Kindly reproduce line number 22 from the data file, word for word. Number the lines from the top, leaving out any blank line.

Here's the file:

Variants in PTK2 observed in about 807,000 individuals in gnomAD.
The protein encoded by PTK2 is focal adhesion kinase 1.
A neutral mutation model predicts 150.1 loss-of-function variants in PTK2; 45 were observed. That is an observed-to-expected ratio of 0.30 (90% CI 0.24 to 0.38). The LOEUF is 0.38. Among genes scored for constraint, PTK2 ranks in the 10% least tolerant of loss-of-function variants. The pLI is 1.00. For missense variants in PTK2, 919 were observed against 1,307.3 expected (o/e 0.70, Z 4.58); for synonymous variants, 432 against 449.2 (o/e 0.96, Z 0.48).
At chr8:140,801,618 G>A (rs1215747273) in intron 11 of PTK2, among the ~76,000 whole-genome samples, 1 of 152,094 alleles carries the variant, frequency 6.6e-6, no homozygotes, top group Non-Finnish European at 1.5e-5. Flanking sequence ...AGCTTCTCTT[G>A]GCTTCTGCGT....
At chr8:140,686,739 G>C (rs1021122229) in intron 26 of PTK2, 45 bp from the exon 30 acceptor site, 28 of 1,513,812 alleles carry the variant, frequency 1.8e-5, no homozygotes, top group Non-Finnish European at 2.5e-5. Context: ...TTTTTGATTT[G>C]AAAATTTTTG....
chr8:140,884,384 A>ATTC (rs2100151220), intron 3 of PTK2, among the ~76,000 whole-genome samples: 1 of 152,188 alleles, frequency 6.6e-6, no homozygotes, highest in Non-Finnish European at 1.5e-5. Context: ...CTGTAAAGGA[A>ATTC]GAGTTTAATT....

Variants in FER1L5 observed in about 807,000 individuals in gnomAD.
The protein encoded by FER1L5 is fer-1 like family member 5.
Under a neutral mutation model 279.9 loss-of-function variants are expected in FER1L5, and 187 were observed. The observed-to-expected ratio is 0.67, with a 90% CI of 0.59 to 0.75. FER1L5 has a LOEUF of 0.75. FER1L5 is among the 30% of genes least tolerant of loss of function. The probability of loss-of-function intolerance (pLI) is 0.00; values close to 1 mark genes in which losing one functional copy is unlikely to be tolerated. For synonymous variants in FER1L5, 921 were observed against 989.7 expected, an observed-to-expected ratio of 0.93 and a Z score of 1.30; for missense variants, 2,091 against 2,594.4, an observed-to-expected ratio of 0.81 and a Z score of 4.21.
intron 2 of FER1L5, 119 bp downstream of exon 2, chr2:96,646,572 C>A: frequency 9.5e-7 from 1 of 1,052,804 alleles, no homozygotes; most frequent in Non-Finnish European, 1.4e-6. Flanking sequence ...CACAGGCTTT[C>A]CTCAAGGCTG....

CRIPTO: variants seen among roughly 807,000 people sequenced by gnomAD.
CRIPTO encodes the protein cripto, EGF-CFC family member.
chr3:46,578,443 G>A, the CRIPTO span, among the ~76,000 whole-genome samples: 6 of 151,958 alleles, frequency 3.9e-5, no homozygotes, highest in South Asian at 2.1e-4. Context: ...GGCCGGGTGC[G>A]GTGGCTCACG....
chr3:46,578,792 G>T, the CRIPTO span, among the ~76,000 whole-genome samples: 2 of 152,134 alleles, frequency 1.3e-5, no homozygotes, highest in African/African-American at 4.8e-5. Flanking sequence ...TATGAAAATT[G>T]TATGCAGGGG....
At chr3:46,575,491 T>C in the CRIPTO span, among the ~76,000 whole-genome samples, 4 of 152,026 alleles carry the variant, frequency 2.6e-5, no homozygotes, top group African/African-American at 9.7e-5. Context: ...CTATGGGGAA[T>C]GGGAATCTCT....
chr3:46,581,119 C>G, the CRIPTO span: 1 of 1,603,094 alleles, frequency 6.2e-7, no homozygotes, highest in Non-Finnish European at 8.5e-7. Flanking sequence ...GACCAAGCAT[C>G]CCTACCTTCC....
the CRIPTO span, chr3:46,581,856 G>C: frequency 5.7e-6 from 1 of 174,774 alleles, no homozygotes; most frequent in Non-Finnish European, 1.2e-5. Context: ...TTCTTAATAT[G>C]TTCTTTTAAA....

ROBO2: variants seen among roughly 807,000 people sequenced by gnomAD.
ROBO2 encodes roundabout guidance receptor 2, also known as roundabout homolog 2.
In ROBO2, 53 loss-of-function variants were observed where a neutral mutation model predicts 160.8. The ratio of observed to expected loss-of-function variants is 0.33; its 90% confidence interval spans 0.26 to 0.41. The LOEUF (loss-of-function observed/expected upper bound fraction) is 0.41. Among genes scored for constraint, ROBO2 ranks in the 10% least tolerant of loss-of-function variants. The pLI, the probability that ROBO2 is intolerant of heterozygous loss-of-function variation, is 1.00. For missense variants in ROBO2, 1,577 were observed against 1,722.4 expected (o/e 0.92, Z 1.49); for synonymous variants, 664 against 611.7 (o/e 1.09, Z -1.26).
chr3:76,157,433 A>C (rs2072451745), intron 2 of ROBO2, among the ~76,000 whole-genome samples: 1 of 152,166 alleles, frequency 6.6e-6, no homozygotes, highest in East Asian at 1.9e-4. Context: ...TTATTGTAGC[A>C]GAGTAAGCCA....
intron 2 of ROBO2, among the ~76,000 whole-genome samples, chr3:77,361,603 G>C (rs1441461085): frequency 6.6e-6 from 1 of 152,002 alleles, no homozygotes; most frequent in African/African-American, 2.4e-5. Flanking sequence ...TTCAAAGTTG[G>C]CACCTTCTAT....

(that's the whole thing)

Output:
intron 2 of ROBO2, among the ~76,000 whole-genome samples, chr3:77,361,603 G>C (rs1441461085): frequency 6.6e-6 from 1 of 152,002 alleles, no homozygotes; most frequent in African/African-American, 2.4e-5. Flanking sequence ...TTCAAAGTTG[G>C]CACCTTCTAT....